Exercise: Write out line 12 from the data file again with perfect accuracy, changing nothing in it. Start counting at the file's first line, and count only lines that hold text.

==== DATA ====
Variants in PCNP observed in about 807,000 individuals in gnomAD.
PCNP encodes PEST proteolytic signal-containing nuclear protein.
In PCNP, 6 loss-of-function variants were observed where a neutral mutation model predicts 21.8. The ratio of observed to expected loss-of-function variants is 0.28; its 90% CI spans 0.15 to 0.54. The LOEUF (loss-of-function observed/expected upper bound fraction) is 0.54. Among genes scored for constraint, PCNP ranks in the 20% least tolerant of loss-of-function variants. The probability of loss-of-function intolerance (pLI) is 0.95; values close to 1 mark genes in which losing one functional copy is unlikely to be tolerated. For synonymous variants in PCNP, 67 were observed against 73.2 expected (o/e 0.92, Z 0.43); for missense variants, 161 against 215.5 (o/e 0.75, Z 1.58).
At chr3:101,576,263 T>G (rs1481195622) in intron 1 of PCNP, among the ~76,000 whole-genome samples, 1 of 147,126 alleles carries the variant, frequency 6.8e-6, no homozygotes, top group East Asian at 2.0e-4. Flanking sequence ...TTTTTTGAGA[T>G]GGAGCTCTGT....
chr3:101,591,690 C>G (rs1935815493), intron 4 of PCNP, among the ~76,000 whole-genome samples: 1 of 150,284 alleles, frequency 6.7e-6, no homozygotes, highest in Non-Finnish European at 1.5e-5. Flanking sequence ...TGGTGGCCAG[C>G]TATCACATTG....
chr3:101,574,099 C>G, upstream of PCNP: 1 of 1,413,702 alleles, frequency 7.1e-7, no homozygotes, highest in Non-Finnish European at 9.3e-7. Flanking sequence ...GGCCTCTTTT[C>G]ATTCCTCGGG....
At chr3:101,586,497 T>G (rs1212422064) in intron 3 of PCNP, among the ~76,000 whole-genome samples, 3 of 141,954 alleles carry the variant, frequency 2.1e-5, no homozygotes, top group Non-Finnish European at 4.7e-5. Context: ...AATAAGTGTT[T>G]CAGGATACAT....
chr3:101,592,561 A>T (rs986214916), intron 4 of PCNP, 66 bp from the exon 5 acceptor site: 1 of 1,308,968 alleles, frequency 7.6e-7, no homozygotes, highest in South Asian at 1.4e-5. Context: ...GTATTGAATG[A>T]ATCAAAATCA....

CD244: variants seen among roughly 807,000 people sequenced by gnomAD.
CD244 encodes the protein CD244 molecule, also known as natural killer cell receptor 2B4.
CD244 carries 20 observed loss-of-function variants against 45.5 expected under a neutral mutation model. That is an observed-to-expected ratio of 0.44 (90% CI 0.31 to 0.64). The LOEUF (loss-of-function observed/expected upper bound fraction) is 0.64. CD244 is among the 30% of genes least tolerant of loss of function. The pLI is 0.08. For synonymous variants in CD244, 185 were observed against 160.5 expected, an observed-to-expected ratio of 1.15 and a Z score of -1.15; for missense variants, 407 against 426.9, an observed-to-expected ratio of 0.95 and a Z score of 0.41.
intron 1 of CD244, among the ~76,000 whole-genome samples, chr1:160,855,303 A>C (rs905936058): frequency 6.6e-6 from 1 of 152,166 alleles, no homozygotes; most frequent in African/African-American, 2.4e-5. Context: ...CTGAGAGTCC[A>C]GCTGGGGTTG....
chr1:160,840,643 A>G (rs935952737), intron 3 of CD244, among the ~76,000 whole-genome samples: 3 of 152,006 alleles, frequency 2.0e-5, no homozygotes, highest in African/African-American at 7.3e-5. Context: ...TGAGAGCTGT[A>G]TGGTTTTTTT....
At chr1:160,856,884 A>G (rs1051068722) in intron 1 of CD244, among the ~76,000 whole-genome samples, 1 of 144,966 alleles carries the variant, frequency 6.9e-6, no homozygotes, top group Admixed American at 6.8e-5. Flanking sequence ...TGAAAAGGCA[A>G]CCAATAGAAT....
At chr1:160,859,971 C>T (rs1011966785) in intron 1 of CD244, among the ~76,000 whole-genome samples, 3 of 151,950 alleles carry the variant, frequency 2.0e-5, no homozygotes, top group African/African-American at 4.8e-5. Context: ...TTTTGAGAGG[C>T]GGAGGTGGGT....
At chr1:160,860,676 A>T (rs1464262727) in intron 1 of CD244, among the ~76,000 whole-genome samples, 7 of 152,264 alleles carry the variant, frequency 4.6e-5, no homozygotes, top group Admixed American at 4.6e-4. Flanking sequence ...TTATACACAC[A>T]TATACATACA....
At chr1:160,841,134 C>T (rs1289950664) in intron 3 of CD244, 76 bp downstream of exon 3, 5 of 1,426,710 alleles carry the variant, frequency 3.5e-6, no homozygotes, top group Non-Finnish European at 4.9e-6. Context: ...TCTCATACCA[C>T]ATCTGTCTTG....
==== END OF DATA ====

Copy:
intron 1 of CD244, among the ~76,000 whole-genome samples, chr1:160,855,303 A>C (rs905936058): frequency 6.6e-6 from 1 of 152,166 alleles, no homozygotes; most frequent in African/African-American, 2.4e-5. Context: ...CTGAGAGTCC[A>C]GCTGGGGTTG....